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HR Buddy Right to disconnect & workplace wellbeing survey 2024

2024 results revealed that people’s mental health and wellbeing is being impacted by their work as they are not able to “switch off” with four in ten revealing they have taken a sick day in the last 12 months due to their mental health & wellbeing.
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HR Buddy 2024 Right to disconnect and workplace wellbeing survey results have been released.

87% of workers say their work negatively impacts their mental health whilst two-thirds admit a struggle with “switching off”


One-third of workers not even aware of their right to disconnect from work as majority of workers reveal they engage in out of hours work emails and work calls


2024 results revealed that people’s mental health and wellbeing is being impacted by their work as they are not able to “switch off” with four in ten revealing they have taken a sick day in the last 12 months due to their mental health & wellbeing.


Conducted by HR consultancy firm, HR Buddy, the Right to disconnect and workplace wellbeing survey 2024 is in its third year and it reveals that nearly four in ten people (37.5%) said they found it difficult to switch off from work while a further three in ten (33.5%) said this an area that needs to be improved. Only three in ten respondents (29%) said that they did not find it difficult to achieve “switch off”.


Mental Health & Wellbeing


Nearly one in three (32%) said that their mental health and wellbeing has been regularly impacted by work in the last 12 months while another 46% said it’s rarely impacted. Nearly one in ten (9%) said they always suffer, due to work related issues. Just 14% chose the option of “never”, when asked if their mental health and wellbeing had been impacted by their work. These results offer no improvement on the 2023 HR Buddy survey.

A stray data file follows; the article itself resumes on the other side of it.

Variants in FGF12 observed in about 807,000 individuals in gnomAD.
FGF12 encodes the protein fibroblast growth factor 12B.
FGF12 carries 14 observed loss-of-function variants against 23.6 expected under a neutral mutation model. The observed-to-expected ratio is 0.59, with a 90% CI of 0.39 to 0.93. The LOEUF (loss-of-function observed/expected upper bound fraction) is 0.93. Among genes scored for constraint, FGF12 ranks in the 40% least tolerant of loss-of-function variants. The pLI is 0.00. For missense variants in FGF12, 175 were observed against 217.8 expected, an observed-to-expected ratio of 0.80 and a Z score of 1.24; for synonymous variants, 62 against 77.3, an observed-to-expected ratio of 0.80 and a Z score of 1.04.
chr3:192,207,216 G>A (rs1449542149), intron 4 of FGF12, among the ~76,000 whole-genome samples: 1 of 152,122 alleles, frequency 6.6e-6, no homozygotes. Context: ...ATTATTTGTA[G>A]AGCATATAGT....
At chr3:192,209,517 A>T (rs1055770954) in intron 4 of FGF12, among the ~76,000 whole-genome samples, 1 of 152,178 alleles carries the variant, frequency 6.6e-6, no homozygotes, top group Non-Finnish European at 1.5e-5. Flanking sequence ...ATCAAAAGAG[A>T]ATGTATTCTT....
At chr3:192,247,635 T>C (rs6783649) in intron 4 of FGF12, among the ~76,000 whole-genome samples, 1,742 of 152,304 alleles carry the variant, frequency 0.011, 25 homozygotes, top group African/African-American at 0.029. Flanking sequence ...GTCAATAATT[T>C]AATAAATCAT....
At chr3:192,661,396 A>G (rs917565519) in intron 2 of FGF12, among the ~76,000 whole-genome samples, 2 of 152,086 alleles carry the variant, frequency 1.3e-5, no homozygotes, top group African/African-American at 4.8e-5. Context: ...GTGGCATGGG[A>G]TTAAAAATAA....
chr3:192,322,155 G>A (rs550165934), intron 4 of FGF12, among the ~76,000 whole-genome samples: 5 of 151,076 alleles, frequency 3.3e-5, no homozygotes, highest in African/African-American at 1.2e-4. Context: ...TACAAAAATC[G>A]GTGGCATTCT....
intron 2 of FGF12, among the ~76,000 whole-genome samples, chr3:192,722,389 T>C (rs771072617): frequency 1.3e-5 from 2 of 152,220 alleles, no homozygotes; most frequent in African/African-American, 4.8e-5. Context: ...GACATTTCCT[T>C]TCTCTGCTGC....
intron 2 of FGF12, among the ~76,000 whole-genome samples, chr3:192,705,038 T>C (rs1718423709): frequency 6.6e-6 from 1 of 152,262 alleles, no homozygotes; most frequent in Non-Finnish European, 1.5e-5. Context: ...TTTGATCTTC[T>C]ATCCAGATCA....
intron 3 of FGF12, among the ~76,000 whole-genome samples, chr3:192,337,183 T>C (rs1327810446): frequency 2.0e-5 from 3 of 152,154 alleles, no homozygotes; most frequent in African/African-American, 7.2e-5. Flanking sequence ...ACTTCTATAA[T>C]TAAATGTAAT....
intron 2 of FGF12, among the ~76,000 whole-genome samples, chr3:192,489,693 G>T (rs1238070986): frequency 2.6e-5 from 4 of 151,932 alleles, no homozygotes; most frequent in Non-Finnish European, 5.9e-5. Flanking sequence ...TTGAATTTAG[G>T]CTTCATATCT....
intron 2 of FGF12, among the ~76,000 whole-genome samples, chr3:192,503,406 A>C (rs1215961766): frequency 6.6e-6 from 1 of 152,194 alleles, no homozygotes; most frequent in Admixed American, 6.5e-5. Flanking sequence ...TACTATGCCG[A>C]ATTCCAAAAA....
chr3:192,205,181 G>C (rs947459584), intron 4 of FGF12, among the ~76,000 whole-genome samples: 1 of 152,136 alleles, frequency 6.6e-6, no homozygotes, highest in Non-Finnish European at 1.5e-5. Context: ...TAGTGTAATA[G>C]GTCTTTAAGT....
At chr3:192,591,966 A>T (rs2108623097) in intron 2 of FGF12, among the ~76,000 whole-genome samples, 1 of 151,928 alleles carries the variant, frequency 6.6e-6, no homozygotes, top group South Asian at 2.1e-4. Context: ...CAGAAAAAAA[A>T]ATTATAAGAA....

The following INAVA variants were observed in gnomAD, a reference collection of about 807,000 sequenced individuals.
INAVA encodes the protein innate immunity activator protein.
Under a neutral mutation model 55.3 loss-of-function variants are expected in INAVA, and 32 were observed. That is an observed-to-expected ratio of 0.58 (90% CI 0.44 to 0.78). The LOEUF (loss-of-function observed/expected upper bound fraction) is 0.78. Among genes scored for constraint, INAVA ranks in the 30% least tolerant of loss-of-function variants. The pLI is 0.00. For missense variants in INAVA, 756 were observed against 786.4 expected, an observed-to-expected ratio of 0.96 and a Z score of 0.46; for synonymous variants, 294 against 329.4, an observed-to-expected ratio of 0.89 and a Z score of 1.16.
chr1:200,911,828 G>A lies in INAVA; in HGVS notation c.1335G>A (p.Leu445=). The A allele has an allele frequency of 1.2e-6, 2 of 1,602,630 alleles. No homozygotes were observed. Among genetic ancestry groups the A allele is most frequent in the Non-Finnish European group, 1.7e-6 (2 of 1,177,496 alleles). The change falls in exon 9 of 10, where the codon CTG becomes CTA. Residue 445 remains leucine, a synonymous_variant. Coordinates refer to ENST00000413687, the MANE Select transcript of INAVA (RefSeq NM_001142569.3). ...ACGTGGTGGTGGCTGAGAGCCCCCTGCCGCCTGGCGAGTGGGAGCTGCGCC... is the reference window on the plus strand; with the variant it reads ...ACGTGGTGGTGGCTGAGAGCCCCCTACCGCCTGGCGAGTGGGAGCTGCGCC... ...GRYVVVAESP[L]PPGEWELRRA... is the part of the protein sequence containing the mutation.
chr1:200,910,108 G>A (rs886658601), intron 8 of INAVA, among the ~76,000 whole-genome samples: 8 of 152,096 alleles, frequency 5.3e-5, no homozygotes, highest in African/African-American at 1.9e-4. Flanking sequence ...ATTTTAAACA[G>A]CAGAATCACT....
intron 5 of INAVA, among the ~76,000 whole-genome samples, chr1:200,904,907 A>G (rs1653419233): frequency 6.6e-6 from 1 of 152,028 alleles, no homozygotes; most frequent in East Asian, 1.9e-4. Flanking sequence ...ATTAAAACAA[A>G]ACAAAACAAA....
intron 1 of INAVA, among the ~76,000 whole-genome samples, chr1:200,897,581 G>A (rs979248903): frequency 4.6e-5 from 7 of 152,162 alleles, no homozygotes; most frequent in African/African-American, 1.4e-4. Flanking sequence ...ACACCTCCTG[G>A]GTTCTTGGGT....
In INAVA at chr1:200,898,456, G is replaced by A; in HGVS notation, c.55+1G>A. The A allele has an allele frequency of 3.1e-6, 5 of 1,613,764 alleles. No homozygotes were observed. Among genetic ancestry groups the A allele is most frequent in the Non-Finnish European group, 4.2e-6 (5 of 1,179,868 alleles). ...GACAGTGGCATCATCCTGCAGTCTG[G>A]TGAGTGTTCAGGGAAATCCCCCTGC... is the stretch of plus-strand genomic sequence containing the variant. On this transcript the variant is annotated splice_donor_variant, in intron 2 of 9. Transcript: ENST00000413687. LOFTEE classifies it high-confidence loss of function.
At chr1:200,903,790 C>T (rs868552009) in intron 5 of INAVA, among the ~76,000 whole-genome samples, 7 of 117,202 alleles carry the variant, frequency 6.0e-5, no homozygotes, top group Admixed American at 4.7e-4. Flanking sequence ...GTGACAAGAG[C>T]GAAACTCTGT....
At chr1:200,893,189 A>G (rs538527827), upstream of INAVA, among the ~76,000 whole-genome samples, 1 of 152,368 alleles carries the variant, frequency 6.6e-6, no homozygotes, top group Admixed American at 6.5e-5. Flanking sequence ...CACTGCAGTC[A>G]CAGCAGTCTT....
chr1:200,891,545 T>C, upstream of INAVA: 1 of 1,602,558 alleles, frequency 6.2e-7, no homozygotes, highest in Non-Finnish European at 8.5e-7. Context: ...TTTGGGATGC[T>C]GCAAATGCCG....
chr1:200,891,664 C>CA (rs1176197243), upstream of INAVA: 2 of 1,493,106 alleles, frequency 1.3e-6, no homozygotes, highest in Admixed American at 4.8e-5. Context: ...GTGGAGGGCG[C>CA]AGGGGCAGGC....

Out of Hours calls and emails


The HR Buddy survey also revealed that the majority of workers (55%) engage in out-of-hours work emails and calls. However, 46% of those said that this was their decision and not because they felt obligated by their employer to do so, nearly two in ten (17%) said it was a combination of it being their decision but also felt it was expected of them. Nearly four in ten (37%) said it was only because their employer expected it of them.


When asked if your workplace actively discouraged employees from sending out of hours emails, nearly two-thirds of respondents (63%) said “no” with only 37% saying their employer actively discouraged out of hours work emails.


Right to Disconnect Policy


When respondents were asked if their workplace had a “Right to Disconnect” policy, one-third (32%) said that they did have a “Right to Disconnect” policy. However, 27% said “no” and a staggering four in ten (41%) said they weren’t sure if their workplace had such a policy. The “Right to Disconnect from work” was introduced and signed by then Tánaiste Leo Varadkar, as a code of practice in April 2021.


When asked if they had noticed a change since the policy was introduced, just less than one in ten (9%) said they noticed a difference, three in ten (28%) said there was a slight improvement. Another three in ten (30%) said that they noticed no change since its introduction and one-third (33%) said they were not even aware of the “Right to Disconnect” code of practice.


Six in ten workers also revealed that they feel obligated to answer out of hours work emails and calls. However, nearly half of those surveyed said that when they did engage in out of hours correspondence, it was their decision.




Work Life Balance